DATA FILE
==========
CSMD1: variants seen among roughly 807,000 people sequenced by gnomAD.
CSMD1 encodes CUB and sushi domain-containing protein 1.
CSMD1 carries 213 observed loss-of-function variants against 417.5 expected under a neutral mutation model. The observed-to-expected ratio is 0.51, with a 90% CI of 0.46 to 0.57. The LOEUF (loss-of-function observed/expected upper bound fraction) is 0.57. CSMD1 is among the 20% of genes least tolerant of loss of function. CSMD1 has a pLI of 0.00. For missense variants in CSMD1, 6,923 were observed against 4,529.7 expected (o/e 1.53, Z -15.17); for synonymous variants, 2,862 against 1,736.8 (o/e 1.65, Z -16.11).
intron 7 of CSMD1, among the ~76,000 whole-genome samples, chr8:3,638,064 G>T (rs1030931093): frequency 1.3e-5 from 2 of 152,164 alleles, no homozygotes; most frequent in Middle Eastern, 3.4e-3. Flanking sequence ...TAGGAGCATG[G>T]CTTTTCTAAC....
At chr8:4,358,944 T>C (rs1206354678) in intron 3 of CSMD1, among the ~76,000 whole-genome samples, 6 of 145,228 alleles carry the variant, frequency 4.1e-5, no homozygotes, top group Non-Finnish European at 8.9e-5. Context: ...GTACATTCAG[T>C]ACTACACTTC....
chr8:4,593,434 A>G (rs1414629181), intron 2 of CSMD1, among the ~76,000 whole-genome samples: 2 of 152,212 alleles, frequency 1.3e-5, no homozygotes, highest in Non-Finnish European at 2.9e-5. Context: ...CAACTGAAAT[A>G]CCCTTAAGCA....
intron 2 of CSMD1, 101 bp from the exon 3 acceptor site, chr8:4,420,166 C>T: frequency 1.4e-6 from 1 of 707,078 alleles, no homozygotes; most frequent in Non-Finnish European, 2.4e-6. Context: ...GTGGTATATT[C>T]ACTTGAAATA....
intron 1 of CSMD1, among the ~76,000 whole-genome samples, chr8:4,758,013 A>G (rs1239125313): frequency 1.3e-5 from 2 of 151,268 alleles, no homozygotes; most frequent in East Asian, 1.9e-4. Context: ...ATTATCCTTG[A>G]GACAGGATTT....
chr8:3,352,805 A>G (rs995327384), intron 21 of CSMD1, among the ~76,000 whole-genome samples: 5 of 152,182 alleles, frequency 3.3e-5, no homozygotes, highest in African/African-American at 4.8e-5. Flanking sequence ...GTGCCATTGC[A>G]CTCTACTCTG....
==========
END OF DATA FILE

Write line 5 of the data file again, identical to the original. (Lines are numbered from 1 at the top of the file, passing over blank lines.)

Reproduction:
At chr8:4,358,944 T>C (rs1206354678) in intron 3 of CSMD1, among the ~76,000 whole-genome samples, 6 of 145,228 alleles carry the variant, frequency 4.1e-5, no homozygotes, top group Non-Finnish European at 8.9e-5. Context: ...GTACATTCAG[T>C]ACTACACTTC....